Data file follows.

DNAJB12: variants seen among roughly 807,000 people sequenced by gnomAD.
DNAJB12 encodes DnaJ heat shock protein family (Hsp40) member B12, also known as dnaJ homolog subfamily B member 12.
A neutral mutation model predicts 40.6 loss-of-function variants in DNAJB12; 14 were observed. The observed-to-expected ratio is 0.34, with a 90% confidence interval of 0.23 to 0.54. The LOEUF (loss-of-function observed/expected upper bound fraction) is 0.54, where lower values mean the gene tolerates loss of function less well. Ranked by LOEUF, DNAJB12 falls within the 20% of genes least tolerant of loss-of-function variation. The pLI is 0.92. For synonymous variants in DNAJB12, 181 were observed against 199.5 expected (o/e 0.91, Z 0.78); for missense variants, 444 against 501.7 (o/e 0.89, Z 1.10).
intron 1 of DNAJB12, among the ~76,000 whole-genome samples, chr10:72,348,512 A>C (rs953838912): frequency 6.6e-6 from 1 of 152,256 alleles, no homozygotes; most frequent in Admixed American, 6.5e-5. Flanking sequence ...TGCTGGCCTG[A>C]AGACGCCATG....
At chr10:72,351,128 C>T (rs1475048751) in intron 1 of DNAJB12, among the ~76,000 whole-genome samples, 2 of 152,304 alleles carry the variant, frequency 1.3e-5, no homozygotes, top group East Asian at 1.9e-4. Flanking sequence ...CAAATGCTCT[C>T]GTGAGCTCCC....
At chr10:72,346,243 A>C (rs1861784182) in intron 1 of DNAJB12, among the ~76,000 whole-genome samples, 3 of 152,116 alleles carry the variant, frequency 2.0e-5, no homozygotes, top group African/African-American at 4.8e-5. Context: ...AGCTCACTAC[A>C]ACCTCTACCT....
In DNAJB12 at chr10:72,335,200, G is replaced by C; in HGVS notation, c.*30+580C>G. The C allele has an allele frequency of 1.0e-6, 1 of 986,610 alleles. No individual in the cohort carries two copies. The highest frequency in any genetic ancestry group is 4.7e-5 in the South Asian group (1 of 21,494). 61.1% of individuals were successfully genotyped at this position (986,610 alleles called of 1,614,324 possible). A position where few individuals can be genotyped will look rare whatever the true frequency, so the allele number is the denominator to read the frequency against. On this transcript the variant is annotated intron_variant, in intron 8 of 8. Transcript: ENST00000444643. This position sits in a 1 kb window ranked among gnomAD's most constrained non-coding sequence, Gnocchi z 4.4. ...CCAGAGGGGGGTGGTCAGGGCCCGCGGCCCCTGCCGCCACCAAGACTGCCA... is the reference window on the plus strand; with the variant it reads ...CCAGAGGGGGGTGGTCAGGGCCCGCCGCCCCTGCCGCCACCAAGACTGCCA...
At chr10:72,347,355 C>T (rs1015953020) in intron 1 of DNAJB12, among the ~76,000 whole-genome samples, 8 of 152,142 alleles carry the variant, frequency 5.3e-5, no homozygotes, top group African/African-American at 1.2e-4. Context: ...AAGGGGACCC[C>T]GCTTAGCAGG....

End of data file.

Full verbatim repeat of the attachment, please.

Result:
DNAJB12: variants seen among roughly 807,000 people sequenced by gnomAD.
DNAJB12 encodes DnaJ heat shock protein family (Hsp40) member B12, also known as dnaJ homolog subfamily B member 12.
A neutral mutation model predicts 40.6 loss-of-function variants in DNAJB12; 14 were observed. The observed-to-expected ratio is 0.34, with a 90% confidence interval of 0.23 to 0.54. The LOEUF (loss-of-function observed/expected upper bound fraction) is 0.54, where lower values mean the gene tolerates loss of function less well. Ranked by LOEUF, DNAJB12 falls within the 20% of genes least tolerant of loss-of-function variation. The pLI is 0.92. For synonymous variants in DNAJB12, 181 were observed against 199.5 expected (o/e 0.91, Z 0.78); for missense variants, 444 against 501.7 (o/e 0.89, Z 1.10).
intron 1 of DNAJB12, among the ~76,000 whole-genome samples, chr10:72,348,512 A>C (rs953838912): frequency 6.6e-6 from 1 of 152,256 alleles, no homozygotes; most frequent in Admixed American, 6.5e-5. Flanking sequence ...TGCTGGCCTG[A>C]AGACGCCATG....
At chr10:72,351,128 C>T (rs1475048751) in intron 1 of DNAJB12, among the ~76,000 whole-genome samples, 2 of 152,304 alleles carry the variant, frequency 1.3e-5, no homozygotes, top group East Asian at 1.9e-4. Flanking sequence ...CAAATGCTCT[C>T]GTGAGCTCCC....
At chr10:72,346,243 A>C (rs1861784182) in intron 1 of DNAJB12, among the ~76,000 whole-genome samples, 3 of 152,116 alleles carry the variant, frequency 2.0e-5, no homozygotes, top group African/African-American at 4.8e-5. Context: ...AGCTCACTAC[A>C]ACCTCTACCT....
In DNAJB12 at chr10:72,335,200, G is replaced by C; in HGVS notation, c.*30+580C>G. The C allele has an allele frequency of 1.0e-6, 1 of 986,610 alleles. No individual in the cohort carries two copies. The highest frequency in any genetic ancestry group is 4.7e-5 in the South Asian group (1 of 21,494). 61.1% of individuals were successfully genotyped at this position (986,610 alleles called of 1,614,324 possible). A position where few individuals can be genotyped will look rare whatever the true frequency, so the allele number is the denominator to read the frequency against. On this transcript the variant is annotated intron_variant, in intron 8 of 8. Transcript: ENST00000444643. This position sits in a 1 kb window ranked among gnomAD's most constrained non-coding sequence, Gnocchi z 4.4. ...CCAGAGGGGGGTGGTCAGGGCCCGCGGCCCCTGCCGCCACCAAGACTGCCA... is the reference window on the plus strand; with the variant it reads ...CCAGAGGGGGGTGGTCAGGGCCCGCCGCCCCTGCCGCCACCAAGACTGCCA...
At chr10:72,347,355 C>T (rs1015953020) in intron 1 of DNAJB12, among the ~76,000 whole-genome samples, 8 of 152,142 alleles carry the variant, frequency 5.3e-5, no homozygotes, top group African/African-American at 1.2e-4. Context: ...AAGGGGACCC[C>T]GCTTAGCAGG....